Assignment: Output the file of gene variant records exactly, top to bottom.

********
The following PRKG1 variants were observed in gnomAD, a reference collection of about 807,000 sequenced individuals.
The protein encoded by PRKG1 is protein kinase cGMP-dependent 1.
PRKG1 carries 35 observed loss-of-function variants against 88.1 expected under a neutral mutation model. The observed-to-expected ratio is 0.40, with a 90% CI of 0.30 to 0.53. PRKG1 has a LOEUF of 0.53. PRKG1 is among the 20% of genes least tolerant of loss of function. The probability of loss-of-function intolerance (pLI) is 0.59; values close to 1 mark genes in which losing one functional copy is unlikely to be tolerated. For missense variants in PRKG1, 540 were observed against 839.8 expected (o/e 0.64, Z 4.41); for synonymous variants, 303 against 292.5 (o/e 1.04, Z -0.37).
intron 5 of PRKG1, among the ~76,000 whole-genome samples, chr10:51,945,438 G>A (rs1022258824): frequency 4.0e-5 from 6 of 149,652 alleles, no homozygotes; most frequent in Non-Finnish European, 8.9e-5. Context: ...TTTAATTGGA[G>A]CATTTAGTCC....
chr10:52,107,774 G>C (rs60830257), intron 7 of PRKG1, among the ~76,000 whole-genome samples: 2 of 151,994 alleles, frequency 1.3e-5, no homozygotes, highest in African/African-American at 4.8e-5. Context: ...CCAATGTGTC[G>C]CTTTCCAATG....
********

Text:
The following PRKG1 variants were observed in gnomAD, a reference collection of about 807,000 sequenced individuals.
The protein encoded by PRKG1 is protein kinase cGMP-dependent 1.
PRKG1 carries 35 observed loss-of-function variants against 88.1 expected under a neutral mutation model. The observed-to-expected ratio is 0.40, with a 90% CI of 0.30 to 0.53. PRKG1 has a LOEUF of 0.53. PRKG1 is among the 20% of genes least tolerant of loss of function. The probability of loss-of-function intolerance (pLI) is 0.59; values close to 1 mark genes in which losing one functional copy is unlikely to be tolerated. For missense variants in PRKG1, 540 were observed against 839.8 expected (o/e 0.64, Z 4.41); for synonymous variants, 303 against 292.5 (o/e 1.04, Z -0.37).
intron 5 of PRKG1, among the ~76,000 whole-genome samples, chr10:51,945,438 G>A (rs1022258824): frequency 4.0e-5 from 6 of 149,652 alleles, no homozygotes; most frequent in Non-Finnish European, 8.9e-5. Context: ...TTTAATTGGA[G>A]CATTTAGTCC....
chr10:52,107,774 G>C (rs60830257), intron 7 of PRKG1, among the ~76,000 whole-genome samples: 2 of 151,994 alleles, frequency 1.3e-5, no homozygotes, highest in African/African-American at 4.8e-5. Context: ...CCAATGTGTC[G>C]CTTTCCAATG....